Limestone beds

//Limestone beds
Limestone beds 2017-06-27T15:16:25+01:00

Portland limestone beds

Whitbed, basebed and roach

Our natural Portland stone is available in three main beds – whitbed, basebed and roach.

Offering different aesthetics and properties that have formed over 145 million years. Each bed type will have a variation within itself and can be tailored to suit your project requirements.


Oolitic limestone consists principally of calcium carbonate and has a granular structure produced by shell fragments, mud and sand. The stone is quarried and mined, sawn to shape with the surface machined to produce the texture or pattern required.


We provide a range of oolitic limestones supplied in regular sawn slabs or in special shapes, used for a variety of cladding and decorative applications in buildings.

All types of stone supplied are suitable for external or internal use for wall cladding, coping, capping, cills, lintels and decorative features. Portland stone is also suitable for walling and flooring.

Portland limestone quarry section example


Each quarry has its own unique whitbed aesthetic.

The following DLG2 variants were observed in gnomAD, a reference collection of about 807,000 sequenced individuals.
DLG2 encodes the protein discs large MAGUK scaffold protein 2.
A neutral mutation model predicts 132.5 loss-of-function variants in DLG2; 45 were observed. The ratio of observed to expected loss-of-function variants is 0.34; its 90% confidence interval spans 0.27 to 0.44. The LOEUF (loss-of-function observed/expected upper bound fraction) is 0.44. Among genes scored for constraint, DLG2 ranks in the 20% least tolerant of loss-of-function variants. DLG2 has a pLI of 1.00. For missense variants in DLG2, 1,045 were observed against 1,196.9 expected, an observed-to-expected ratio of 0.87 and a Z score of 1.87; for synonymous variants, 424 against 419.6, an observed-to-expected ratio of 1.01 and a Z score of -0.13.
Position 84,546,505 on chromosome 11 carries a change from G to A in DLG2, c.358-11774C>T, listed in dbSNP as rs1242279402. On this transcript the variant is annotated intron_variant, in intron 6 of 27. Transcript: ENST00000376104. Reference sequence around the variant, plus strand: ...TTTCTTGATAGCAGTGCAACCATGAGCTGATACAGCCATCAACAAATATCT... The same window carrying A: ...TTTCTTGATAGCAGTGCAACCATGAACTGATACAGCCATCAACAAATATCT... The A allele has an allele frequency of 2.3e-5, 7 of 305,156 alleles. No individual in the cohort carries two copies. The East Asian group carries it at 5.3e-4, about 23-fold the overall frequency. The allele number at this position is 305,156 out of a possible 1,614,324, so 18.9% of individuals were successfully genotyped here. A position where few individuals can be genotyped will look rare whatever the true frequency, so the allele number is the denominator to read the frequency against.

For example our Perryfield shelly whitbed contains bands of shelling that is slightly open in texture, in contrast to Broadcroft whitbed which has white fleck, distributed shelling and a tight graining. 

A typical description of whitbed would be to contain some shell throughout its mass with a fine grain.

More durable than basebed, a whitbed can be used both internally and externally.


Basebed is predominately known as having a fine grain with little shell content. Although this can vary from quarry to quarry.

As an external stone it is not as suitable as say a whitbed or roach, usually requiring a weathering course to prolong its lifespan. Basebed tends to be predominantly used internally as flooring or cladding.

Carvers have long since used basebed for its easy work-ability however, our range can provide similar whitbeds for most project requirements.


Portland roach has a unique shell structure which can be coarse in texture.

Used more frequently when a contrasting or more durable stone is required for example in plinths or band courses.

Roach is a hard stone and lends itself to plain cut work, it is not easily carved or worked by a mason and can therefore be more costly to shape.